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Chapter Seven -- The Arahat

  1. The fever of passion exists not for one
    who has completed the journey, who is sorrowless
    and wholly set free, and has broken all ties.
  2. The mindful ones exert themselves. They
    are not attached to any home; like swans that
    abandon the lake, they leave home after home behind.
  3. Those who do not accumulate and are
    wise regarding food, whose object is the Void,
    the unconditioned freedom--their track cannot
    be traced, like that of birds in the air.
  4. One whose cankers are destroyed and who
    is not attached to food, whose object is the Void,
    the unconditioned freedom--one's path cannot be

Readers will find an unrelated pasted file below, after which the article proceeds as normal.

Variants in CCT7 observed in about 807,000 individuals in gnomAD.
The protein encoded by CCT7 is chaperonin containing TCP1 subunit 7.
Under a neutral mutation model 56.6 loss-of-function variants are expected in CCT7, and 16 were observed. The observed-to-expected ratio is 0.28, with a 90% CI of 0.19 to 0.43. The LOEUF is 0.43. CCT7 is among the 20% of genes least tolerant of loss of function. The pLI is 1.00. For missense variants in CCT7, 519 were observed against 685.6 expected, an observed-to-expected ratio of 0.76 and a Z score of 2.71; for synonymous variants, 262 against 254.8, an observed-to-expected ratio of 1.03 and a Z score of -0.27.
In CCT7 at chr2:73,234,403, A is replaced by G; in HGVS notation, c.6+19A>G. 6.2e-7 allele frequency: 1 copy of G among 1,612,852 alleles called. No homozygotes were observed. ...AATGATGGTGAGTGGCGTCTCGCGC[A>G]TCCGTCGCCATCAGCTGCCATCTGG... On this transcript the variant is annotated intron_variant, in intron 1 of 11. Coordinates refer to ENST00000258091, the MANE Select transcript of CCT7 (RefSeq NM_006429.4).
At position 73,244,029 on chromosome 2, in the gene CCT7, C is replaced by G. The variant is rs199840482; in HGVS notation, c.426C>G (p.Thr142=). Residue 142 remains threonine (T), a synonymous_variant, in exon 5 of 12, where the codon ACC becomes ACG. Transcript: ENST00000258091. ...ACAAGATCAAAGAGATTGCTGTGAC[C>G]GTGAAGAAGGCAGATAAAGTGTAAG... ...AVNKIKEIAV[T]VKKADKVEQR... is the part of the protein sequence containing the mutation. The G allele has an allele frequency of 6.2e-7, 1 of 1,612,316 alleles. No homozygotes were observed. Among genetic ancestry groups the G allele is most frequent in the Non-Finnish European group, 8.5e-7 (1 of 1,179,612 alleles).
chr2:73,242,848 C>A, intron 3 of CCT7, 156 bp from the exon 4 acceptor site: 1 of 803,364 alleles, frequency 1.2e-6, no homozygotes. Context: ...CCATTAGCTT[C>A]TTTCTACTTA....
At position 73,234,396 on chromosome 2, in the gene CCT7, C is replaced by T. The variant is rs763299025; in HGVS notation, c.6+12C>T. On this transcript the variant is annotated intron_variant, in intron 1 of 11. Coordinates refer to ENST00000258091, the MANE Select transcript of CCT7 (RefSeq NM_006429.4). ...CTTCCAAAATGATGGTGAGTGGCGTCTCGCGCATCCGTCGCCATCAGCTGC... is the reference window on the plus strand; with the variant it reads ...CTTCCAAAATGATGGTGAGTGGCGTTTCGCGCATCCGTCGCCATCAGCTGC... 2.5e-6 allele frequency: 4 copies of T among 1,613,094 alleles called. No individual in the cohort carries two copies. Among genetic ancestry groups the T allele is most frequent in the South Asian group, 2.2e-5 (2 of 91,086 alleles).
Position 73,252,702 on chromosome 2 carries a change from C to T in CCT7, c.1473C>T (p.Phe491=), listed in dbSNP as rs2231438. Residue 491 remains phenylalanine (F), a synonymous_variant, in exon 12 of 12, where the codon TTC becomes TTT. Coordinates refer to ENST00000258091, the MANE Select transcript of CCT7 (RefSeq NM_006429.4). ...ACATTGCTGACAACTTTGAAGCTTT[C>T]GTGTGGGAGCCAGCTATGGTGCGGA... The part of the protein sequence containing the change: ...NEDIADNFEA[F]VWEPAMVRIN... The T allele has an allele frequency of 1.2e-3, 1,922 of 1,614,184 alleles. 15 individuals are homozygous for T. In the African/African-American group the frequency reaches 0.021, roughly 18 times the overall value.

traced, like that of birds in the air.
  5. Even the gods hold dear the wise, whose
    senses are subdued like horses well-trained by a
    charioteer, whose pride is destroyed and who are
    free from the cankers.
  6. There is no more worldly existence for
    the wise one, who, like the earth, resents nothing;
    who is as firm as a high pillar and as pure as a
    deep pool free from mud.
  7. Calm is one's thought, calm one's speech and
    calm one's deed, who, truly knowing, is wholly,
    freed, perfectly tranquil and wise.
  8. The person who is without blind faith,
    who knows the Uncreate, who has severed all
    links, who has destroyed all causes (for kamma,
    good and evil), and who has thrown out all desires
    --that person truly is the most excellent of people.
  9. Inspiring, indeed, is that place where
    Arahats dwell, be it a village, a forest,
    a vale or a hill.
  10. Inspiring are the forests where worldlings
    find no pleasure. There the passionless will
    rejoice, for they seek no sensual pleasures.

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